In Java, the BigDecimal class has a failed abstraction around equality comparisons that will inevitably lead to bugs. There are 2 problems:
1. the method compareTo is inconsistent with the method equals
Equality (equals) of two BigDecimals takes scales (number of decimal places) into account, whereas comparison (compareTo) doesn't.
new BigDecimal("1.00").equals(new BigDecimal("1.0"))
returns false, and
new BigDecimal("1.00").compareTo(new BigDecimal("1.0"))
returns 0 (zero), indicating that they're equal.
I've seen some threads stating that equals is consistent with the way that an engineering (or scientific) quantity should work, where scale is very important. Since operations with numbers with different scales yield different results, it seems reasonable that equals returns false for these numbers. So, from this standpoint, the equals implementation is right, and compareTo should be consistent and return that the numbers are not equal, maybe ordered by the number of decimal places.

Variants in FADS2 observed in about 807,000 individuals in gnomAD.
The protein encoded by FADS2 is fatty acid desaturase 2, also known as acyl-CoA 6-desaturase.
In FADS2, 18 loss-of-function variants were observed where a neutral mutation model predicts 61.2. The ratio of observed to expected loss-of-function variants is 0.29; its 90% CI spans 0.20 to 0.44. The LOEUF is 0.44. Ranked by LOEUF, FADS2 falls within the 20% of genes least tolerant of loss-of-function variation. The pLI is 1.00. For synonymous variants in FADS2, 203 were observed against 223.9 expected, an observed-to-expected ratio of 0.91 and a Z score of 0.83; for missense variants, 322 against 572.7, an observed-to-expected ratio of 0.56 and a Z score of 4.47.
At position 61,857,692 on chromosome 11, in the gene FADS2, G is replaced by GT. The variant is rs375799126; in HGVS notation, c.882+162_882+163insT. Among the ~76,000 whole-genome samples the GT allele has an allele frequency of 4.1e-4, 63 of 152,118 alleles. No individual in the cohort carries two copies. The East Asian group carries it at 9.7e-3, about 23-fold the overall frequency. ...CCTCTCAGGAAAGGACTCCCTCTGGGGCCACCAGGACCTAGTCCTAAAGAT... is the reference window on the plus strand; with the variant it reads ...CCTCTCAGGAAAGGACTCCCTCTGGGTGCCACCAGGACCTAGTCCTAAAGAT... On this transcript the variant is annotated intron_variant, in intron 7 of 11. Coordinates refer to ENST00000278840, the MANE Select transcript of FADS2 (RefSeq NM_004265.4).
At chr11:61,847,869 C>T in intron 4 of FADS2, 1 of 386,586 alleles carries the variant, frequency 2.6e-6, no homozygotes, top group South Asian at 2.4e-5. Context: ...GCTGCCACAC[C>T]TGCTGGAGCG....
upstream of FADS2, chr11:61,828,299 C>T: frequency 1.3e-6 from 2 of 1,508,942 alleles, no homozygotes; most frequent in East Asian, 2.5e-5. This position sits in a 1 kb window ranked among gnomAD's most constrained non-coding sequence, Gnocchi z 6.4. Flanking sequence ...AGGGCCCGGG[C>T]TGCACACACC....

Which brings us to the second problem:
2. the method equals is incompatible with the real world meaning of equality
Engineering perspectives aside, the fact that 1.00 is not equal to 1.0 is really incompatible with at least my world view of equality. The ultimate argument for me is that the following statement is always a bug, and should never be seen in the wild:
This will only be true if anotherBigDecimal has no scale (and of course, is zero). If I didn't want a scale, I guess I'd be using BigInteger. Why provide a ZERO value if it can never be equaled reliably with other values?
A possible solution would be if the scale wasn't considered for equality by default. The comparison methods should have overloaded versions that consider it. This way, the choice to compare based on scale would be explicit, eliminating this source of bugs.